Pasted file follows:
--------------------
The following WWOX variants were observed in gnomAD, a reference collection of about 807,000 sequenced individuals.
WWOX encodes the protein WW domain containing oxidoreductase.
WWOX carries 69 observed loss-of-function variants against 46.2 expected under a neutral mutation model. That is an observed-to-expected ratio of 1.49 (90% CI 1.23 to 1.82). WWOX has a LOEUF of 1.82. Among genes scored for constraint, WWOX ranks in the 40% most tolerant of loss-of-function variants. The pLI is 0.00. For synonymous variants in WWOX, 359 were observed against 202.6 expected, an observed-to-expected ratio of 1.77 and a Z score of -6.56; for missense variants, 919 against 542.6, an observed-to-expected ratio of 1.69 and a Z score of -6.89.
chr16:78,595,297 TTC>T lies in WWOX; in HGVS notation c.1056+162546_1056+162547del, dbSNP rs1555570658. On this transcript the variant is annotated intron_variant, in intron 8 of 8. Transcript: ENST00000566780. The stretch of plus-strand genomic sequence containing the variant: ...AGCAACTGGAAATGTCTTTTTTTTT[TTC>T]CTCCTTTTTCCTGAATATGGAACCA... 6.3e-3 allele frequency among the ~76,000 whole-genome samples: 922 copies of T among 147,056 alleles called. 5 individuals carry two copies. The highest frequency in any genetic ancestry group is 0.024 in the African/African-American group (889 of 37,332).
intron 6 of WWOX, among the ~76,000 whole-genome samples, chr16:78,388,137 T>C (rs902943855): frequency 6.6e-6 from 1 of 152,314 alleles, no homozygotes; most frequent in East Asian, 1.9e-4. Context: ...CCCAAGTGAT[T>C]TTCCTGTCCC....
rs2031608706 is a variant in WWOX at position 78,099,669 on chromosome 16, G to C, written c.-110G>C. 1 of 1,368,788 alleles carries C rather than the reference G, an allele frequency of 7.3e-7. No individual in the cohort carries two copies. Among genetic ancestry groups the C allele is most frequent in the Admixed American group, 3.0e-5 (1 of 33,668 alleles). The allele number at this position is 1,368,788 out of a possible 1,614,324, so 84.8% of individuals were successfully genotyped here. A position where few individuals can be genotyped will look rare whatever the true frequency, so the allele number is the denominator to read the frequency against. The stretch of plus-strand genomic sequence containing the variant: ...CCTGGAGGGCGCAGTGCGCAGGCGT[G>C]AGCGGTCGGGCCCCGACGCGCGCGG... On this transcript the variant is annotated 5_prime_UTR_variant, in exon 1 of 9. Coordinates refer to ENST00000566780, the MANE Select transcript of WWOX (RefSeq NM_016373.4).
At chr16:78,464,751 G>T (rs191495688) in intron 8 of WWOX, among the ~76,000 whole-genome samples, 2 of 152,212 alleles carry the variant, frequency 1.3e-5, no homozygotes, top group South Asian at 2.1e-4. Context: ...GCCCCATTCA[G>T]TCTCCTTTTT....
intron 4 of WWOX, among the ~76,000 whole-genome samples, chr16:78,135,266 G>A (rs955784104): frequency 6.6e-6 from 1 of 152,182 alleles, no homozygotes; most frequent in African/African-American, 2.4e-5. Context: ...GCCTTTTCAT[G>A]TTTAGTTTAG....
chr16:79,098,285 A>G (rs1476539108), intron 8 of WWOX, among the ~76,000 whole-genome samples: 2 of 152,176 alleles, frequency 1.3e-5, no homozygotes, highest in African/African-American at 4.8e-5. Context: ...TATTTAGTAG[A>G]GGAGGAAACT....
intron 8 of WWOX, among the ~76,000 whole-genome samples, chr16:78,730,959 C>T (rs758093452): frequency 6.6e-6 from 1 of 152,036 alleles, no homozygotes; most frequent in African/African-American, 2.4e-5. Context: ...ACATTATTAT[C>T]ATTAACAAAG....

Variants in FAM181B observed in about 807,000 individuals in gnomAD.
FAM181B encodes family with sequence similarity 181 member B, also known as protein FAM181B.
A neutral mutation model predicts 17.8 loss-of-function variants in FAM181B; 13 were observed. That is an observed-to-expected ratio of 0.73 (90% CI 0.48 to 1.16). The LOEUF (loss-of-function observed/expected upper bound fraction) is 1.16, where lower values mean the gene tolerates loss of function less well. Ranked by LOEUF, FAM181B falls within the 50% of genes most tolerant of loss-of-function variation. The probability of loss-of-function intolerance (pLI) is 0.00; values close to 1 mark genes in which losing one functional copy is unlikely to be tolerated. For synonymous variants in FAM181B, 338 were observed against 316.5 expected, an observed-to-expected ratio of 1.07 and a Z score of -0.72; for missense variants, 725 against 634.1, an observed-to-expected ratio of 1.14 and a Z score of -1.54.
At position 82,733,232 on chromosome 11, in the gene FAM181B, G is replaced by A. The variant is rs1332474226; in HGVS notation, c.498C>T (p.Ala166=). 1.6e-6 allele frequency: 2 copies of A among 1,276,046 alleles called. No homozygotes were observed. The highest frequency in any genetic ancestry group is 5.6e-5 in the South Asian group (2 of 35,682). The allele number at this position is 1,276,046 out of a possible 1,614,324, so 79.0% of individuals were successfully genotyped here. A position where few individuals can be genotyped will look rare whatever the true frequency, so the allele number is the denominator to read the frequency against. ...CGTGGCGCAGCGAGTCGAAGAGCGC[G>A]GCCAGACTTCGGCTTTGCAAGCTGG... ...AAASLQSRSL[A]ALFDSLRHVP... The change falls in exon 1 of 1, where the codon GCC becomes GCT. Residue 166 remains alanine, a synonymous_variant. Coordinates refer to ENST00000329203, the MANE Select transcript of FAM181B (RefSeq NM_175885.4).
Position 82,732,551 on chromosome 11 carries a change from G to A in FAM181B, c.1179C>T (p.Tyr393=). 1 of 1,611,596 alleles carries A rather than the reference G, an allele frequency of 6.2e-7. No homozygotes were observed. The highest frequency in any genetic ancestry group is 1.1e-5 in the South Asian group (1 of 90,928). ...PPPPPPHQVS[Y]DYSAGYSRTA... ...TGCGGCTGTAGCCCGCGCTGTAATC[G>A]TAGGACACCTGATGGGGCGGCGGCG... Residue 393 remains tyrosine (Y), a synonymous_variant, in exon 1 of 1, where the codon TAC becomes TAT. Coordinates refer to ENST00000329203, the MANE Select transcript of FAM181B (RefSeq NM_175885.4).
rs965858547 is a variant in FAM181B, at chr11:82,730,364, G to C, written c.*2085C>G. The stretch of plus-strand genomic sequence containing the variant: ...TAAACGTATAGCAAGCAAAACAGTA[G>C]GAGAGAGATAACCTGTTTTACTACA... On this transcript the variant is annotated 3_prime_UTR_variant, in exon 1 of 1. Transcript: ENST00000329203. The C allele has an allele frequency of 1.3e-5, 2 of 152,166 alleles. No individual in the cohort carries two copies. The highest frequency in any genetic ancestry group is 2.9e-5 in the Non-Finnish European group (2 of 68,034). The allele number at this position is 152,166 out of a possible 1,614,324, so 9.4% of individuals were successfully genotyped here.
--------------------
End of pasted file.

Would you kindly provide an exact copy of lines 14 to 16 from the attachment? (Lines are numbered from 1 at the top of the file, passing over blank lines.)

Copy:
At position 82,733,232 on chromosome 11, in the gene FAM181B, G is replaced by A. The variant is rs1332474226; in HGVS notation, c.498C>T (p.Ala166=). 1.6e-6 allele frequency: 2 copies of A among 1,276,046 alleles called. No homozygotes were observed. The highest frequency in any genetic ancestry group is 5.6e-5 in the South Asian group (2 of 35,682). The allele number at this position is 1,276,046 out of a possible 1,614,324, so 79.0% of individuals were successfully genotyped here. A position where few individuals can be genotyped will look rare whatever the true frequency, so the allele number is the denominator to read the frequency against. ...CGTGGCGCAGCGAGTCGAAGAGCGC[G>A]GCCAGACTTCGGCTTTGCAAGCTGG... ...AAASLQSRSL[A]ALFDSLRHVP... The change falls in exon 1 of 1, where the codon GCC becomes GCT. Residue 166 remains alanine, a synonymous_variant. Coordinates refer to ENST00000329203, the MANE Select transcript of FAM181B (RefSeq NM_175885.4).
Position 82,732,551 on chromosome 11 carries a change from G to A in FAM181B, c.1179C>T (p.Tyr393=). 1 of 1,611,596 alleles carries A rather than the reference G, an allele frequency of 6.2e-7. No homozygotes were observed. The highest frequency in any genetic ancestry group is 1.1e-5 in the South Asian group (1 of 90,928). ...PPPPPPHQVS[Y]DYSAGYSRTA... ...TGCGGCTGTAGCCCGCGCTGTAATC[G>A]TAGGACACCTGATGGGGCGGCGGCG... Residue 393 remains tyrosine (Y), a synonymous_variant, in exon 1 of 1, where the codon TAC becomes TAT. Coordinates refer to ENST00000329203, the MANE Select transcript of FAM181B (RefSeq NM_175885.4).
rs965858547 is a variant in FAM181B, at chr11:82,730,364, G to C, written c.*2085C>G. The stretch of plus-strand genomic sequence containing the variant: ...TAAACGTATAGCAAGCAAAACAGTA[G>C]GAGAGAGATAACCTGTTTTACTACA... On this transcript the variant is annotated 3_prime_UTR_variant, in exon 1 of 1. Transcript: ENST00000329203. The C allele has an allele frequency of 1.3e-5, 2 of 152,166 alleles. No individual in the cohort carries two copies. The highest frequency in any genetic ancestry group is 2.9e-5 in the Non-Finnish European group (2 of 68,034). The allele number at this position is 152,166 out of a possible 1,614,324, so 9.4% of individuals were successfully genotyped here.